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Leukemia in Dogs

What Is Leukemia in Dogs?

Leukemia in dogs is a form of cancer that impacts their blood and bone marrow, which constitutes the soft inner section of bones. The bone marrow plays a crucial role in generating white blood cells, essential for the body’s defense against infections and diseases.

When a dog develops leukemia, the bone marrow starts producing abnormal white blood cells that fail to mature or function properly. Over time, these abnormal cells proliferate and outnumber the healthy blood cells, leading to their accumulation in the bloodstream, lymph nodes, liver, and spleen. Ultimately, this may hinder the bone marrow’s ability to generate healthy blood cells altogether.


Leukemia in dogs manifests in two primary forms: chronic and acute.

Chronic leukemia: This type progresses slowly and steadily over time. In chronic leukemia, the abnormal white blood cells are nearly fully developed and can carry out some of their normal functions, though not as effectively.

Acute leukemia: Progressing much more rapidly than its chronic counterpart, acute leukemia triggers a rapid production of immature blood cells that lack proper functionality. It typically presents severe symptoms.

Both chronic and acute leukemia can be categorized as either myelogenous leukemia, originating from the bone marrow’s myeloid cells, or lymphocytic leukemia, which affects the lymphoid cells. The prevalence of lymphocytic leukemia exceeds that of myelogenous leukemia in dogs.


  • Fatigue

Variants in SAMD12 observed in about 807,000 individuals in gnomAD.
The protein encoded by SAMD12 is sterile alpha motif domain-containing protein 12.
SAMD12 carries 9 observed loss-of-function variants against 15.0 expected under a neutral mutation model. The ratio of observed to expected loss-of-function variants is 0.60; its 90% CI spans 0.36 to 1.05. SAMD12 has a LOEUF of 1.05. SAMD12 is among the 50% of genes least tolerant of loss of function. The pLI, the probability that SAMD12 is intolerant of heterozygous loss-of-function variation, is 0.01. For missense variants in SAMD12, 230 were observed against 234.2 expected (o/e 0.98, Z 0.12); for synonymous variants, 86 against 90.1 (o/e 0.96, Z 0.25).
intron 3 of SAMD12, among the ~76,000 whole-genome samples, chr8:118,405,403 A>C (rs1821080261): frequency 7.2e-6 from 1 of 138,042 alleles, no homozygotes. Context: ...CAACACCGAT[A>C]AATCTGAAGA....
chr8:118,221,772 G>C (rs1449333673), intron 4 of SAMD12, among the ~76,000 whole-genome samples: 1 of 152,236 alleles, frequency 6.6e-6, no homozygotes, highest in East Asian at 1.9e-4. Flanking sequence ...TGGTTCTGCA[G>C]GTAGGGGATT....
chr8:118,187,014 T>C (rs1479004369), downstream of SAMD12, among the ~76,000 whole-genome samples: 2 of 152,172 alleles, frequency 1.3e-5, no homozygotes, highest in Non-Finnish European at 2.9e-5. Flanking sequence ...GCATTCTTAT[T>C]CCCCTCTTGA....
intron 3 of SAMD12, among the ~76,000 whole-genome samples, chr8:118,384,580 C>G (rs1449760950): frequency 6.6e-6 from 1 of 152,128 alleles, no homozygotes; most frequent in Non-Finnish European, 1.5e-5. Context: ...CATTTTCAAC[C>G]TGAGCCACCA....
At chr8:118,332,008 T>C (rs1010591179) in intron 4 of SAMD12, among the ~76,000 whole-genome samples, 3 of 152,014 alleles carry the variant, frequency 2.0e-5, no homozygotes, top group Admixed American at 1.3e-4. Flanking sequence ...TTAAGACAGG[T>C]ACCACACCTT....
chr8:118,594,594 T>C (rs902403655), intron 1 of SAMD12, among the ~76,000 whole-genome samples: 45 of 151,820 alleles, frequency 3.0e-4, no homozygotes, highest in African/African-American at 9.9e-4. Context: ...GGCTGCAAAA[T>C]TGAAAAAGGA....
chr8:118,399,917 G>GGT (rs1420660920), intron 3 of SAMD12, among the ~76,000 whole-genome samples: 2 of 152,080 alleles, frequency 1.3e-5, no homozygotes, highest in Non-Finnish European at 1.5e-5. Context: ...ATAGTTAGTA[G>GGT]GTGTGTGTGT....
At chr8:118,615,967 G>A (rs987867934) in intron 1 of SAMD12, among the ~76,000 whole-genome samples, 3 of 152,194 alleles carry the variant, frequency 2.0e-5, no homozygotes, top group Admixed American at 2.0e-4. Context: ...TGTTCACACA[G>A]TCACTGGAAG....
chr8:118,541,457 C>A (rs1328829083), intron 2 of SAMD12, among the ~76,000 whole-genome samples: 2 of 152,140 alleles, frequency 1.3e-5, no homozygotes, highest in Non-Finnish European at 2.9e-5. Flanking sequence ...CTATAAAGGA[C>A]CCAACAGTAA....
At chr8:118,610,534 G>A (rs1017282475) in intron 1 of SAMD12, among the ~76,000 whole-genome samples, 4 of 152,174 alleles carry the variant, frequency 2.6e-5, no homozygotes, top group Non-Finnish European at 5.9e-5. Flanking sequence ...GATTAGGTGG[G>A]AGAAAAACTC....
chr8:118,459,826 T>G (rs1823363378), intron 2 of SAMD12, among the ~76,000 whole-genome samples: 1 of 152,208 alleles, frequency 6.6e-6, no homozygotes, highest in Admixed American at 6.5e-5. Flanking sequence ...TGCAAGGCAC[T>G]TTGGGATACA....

• Reduced appetite
  • Elevated body temperature
  • Decline in weight
  • Nausea
  • Episodes of vomiting
  • Diarrhea
  • Heightened urination
  • Frequent infections
  • Enhanced thirst
  • Swollen abdomen, often due to enlarged liver and/or spleen
  • Enlarged lymph nodes

It’s important to note that dogs afflicted with chronic leukemia may not exhibit any symptoms as the disease advances gradually.


Leukemia in dogs does not have a known direct cause. Instead, the likelihood of a dog developing leukemia is influenced by a combination of factors.

Chemical exposure: Certain toxins, such as the industrial chemical benzene, have been associated with leukemia in humans. This correlation might extend to dogs as well.

Genetics: The development of all blood cells in the body starts with stem cells. Occasionally, these stem cells carry damaged instructions, leading to the formation of abnormal blood cells that function inadequately.

Breed: Golden Retrievers and German Shepherds are most commonly diagnosed with chronic lymphocytic leukemia. While the exact reason remains unclear, it is likely linked to genetic factors.